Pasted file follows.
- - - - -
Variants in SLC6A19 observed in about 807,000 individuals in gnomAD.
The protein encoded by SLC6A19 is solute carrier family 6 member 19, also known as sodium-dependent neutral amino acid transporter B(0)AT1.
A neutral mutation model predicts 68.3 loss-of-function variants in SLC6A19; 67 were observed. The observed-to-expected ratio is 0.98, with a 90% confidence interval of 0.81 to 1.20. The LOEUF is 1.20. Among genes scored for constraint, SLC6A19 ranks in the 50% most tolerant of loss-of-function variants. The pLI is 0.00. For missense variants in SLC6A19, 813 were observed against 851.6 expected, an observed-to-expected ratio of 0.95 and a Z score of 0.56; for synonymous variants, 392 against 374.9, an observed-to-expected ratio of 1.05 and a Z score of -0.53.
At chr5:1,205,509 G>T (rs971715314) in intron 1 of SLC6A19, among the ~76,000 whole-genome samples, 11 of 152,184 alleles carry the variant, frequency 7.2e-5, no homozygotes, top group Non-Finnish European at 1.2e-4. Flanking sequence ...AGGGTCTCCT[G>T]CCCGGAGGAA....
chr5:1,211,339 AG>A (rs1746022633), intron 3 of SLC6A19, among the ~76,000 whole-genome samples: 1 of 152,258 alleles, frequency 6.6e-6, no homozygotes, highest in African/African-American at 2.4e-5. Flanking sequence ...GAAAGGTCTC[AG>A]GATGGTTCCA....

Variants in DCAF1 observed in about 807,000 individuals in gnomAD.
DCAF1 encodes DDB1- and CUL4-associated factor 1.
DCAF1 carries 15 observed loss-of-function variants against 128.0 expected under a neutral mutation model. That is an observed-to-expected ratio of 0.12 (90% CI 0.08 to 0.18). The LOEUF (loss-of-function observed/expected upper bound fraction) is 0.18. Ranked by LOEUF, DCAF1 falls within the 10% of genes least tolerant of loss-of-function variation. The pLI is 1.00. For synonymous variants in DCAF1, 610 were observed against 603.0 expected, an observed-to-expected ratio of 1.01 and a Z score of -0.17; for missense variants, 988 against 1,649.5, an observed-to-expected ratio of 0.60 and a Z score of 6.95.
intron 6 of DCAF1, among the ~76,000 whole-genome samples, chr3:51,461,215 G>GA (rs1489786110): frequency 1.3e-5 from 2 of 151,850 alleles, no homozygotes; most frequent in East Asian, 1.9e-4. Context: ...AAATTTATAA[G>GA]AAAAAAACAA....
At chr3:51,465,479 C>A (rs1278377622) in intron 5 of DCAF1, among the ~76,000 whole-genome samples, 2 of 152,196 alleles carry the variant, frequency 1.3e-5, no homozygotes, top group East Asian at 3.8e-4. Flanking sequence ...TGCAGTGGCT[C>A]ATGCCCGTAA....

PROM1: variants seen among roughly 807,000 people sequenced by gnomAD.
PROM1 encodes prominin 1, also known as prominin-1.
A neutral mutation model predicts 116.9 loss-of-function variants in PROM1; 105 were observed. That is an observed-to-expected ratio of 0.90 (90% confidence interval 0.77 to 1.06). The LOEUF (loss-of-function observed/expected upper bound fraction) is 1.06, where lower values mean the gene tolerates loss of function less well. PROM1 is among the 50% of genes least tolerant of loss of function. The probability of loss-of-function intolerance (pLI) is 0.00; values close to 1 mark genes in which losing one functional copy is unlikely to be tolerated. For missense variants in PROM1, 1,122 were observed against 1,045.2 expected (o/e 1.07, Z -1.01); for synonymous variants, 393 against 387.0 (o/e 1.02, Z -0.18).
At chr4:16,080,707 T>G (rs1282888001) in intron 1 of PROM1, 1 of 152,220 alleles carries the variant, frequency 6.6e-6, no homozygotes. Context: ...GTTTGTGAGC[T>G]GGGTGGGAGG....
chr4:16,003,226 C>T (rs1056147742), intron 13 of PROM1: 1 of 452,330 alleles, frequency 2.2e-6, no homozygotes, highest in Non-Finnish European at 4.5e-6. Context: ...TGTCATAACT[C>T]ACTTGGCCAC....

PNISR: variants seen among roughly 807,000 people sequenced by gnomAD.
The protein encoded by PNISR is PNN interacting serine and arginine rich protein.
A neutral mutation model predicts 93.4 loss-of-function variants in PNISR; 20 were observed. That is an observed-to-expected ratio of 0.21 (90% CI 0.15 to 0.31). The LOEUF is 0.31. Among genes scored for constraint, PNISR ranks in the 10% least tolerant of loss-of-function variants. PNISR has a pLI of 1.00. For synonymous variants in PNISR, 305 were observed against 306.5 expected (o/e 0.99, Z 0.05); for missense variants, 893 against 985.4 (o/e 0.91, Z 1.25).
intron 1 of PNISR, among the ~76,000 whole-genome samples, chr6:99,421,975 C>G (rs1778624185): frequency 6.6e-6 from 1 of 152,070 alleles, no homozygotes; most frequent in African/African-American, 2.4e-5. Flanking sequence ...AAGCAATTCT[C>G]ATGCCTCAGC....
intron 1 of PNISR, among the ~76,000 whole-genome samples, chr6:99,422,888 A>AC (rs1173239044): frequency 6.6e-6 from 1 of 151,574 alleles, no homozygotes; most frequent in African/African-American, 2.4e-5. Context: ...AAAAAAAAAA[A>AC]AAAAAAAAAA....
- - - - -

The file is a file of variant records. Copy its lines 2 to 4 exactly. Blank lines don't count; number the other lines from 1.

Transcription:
The protein encoded by SLC6A19 is solute carrier family 6 member 19, also known as sodium-dependent neutral amino acid transporter B(0)AT1.
A neutral mutation model predicts 68.3 loss-of-function variants in SLC6A19; 67 were observed. The observed-to-expected ratio is 0.98, with a 90% confidence interval of 0.81 to 1.20. The LOEUF is 1.20. Among genes scored for constraint, SLC6A19 ranks in the 50% most tolerant of loss-of-function variants. The pLI is 0.00. For missense variants in SLC6A19, 813 were observed against 851.6 expected, an observed-to-expected ratio of 0.95 and a Z score of 0.56; for synonymous variants, 392 against 374.9, an observed-to-expected ratio of 1.05 and a Z score of -0.53.
At chr5:1,205,509 G>T (rs971715314) in intron 1 of SLC6A19, among the ~76,000 whole-genome samples, 11 of 152,184 alleles carry the variant, frequency 7.2e-5, no homozygotes, top group Non-Finnish European at 1.2e-4. Flanking sequence ...AGGGTCTCCT[G>T]CCCGGAGGAA....